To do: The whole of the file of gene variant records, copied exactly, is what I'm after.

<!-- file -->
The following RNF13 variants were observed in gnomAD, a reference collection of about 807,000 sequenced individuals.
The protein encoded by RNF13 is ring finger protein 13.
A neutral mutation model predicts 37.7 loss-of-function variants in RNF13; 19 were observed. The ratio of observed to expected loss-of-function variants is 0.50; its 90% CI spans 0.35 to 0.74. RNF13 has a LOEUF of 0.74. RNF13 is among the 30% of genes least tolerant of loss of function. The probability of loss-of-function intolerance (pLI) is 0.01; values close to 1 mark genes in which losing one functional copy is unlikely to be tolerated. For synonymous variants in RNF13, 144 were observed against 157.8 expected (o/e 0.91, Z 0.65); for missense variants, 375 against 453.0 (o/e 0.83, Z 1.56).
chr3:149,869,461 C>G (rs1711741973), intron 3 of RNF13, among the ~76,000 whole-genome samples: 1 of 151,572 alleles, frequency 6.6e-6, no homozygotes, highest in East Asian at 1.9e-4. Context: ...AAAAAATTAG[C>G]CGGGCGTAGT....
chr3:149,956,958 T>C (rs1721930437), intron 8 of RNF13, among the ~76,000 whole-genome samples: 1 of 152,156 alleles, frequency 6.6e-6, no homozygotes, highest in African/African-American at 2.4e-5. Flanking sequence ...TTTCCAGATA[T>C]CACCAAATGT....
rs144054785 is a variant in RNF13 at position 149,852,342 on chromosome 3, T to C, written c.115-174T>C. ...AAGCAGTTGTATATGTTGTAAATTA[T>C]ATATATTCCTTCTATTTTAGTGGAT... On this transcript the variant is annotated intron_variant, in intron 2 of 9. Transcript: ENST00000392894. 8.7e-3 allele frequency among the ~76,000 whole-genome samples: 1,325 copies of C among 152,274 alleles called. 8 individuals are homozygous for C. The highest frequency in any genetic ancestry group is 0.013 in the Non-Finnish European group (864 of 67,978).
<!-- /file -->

The following RNF13 variants were observed in gnomAD, a reference collection of about 807,000 sequenced individuals.
The protein encoded by RNF13 is ring finger protein 13.
A neutral mutation model predicts 37.7 loss-of-function variants in RNF13; 19 were observed. The ratio of observed to expected loss-of-function variants is 0.50; its 90% CI spans 0.35 to 0.74. RNF13 has a LOEUF of 0.74. RNF13 is among the 30% of genes least tolerant of loss of function. The probability of loss-of-function intolerance (pLI) is 0.01; values close to 1 mark genes in which losing one functional copy is unlikely to be tolerated. For synonymous variants in RNF13, 144 were observed against 157.8 expected (o/e 0.91, Z 0.65); for missense variants, 375 against 453.0 (o/e 0.83, Z 1.56).
chr3:149,869,461 C>G (rs1711741973), intron 3 of RNF13, among the ~76,000 whole-genome samples: 1 of 151,572 alleles, frequency 6.6e-6, no homozygotes, highest in East Asian at 1.9e-4. Context: ...AAAAAATTAG[C>G]CGGGCGTAGT....
chr3:149,956,958 T>C (rs1721930437), intron 8 of RNF13, among the ~76,000 whole-genome samples: 1 of 152,156 alleles, frequency 6.6e-6, no homozygotes, highest in African/African-American at 2.4e-5. Flanking sequence ...TTTCCAGATA[T>C]CACCAAATGT....
rs144054785 is a variant in RNF13 at position 149,852,342 on chromosome 3, T to C, written c.115-174T>C. ...AAGCAGTTGTATATGTTGTAAATTA[T>C]ATATATTCCTTCTATTTTAGTGGAT... On this transcript the variant is annotated intron_variant, in intron 2 of 9. Transcript: ENST00000392894. 8.7e-3 allele frequency among the ~76,000 whole-genome samples: 1,325 copies of C among 152,274 alleles called. 8 individuals are homozygous for C. The highest frequency in any genetic ancestry group is 0.013 in the Non-Finnish European group (864 of 67,978).